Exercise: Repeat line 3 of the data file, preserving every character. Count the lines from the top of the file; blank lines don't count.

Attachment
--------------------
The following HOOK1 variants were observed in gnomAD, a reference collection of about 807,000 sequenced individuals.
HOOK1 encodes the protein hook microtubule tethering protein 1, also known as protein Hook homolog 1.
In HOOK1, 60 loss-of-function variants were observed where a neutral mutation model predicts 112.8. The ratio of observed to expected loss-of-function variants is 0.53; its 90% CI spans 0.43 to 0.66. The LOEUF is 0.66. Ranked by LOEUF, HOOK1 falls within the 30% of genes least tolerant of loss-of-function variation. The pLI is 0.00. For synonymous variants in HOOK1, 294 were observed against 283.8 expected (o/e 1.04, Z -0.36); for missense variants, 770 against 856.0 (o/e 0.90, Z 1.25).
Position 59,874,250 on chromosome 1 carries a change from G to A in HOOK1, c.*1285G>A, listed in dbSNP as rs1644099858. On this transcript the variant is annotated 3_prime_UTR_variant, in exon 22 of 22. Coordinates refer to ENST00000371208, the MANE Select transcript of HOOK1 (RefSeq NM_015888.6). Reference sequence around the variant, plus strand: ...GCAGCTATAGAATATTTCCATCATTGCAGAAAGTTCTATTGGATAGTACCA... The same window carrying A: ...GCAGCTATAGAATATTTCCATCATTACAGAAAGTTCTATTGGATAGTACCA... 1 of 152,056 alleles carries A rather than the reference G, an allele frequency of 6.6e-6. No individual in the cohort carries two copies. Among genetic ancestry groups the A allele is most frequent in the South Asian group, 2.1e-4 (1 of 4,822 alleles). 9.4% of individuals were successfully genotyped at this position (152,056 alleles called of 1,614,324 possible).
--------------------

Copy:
In HOOK1, 60 loss-of-function variants were observed where a neutral mutation model predicts 112.8. The ratio of observed to expected loss-of-function variants is 0.53; its 90% CI spans 0.43 to 0.66. The LOEUF is 0.66. Ranked by LOEUF, HOOK1 falls within the 30% of genes least tolerant of loss-of-function variation. The pLI is 0.00. For synonymous variants in HOOK1, 294 were observed against 283.8 expected (o/e 1.04, Z -0.36); for missense variants, 770 against 856.0 (o/e 0.90, Z 1.25).